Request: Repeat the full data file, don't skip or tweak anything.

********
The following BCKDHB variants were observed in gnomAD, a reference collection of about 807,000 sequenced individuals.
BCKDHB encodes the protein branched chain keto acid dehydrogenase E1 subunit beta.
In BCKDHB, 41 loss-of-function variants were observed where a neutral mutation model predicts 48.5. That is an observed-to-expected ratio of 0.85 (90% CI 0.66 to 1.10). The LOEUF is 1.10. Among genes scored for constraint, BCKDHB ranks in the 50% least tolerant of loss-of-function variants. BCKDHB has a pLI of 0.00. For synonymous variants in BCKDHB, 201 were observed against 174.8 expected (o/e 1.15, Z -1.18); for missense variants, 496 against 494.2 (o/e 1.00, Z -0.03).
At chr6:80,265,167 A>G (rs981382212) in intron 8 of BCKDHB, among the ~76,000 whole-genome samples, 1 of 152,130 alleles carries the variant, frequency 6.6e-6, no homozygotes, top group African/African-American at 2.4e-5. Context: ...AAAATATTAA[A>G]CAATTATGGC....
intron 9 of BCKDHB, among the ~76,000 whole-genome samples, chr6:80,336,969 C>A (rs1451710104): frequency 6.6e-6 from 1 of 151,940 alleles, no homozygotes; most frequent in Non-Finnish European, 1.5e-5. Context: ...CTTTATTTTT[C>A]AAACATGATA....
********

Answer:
The following BCKDHB variants were observed in gnomAD, a reference collection of about 807,000 sequenced individuals.
BCKDHB encodes the protein branched chain keto acid dehydrogenase E1 subunit beta.
In BCKDHB, 41 loss-of-function variants were observed where a neutral mutation model predicts 48.5. That is an observed-to-expected ratio of 0.85 (90% CI 0.66 to 1.10). The LOEUF is 1.10. Among genes scored for constraint, BCKDHB ranks in the 50% least tolerant of loss-of-function variants. BCKDHB has a pLI of 0.00. For synonymous variants in BCKDHB, 201 were observed against 174.8 expected (o/e 1.15, Z -1.18); for missense variants, 496 against 494.2 (o/e 1.00, Z -0.03).
At chr6:80,265,167 A>G (rs981382212) in intron 8 of BCKDHB, among the ~76,000 whole-genome samples, 1 of 152,130 alleles carries the variant, frequency 6.6e-6, no homozygotes, top group African/African-American at 2.4e-5. Context: ...AAAATATTAA[A>G]CAATTATGGC....
intron 9 of BCKDHB, among the ~76,000 whole-genome samples, chr6:80,336,969 C>A (rs1451710104): frequency 6.6e-6 from 1 of 151,940 alleles, no homozygotes; most frequent in Non-Finnish European, 1.5e-5. Context: ...CTTTATTTTT[C>A]AAACATGATA....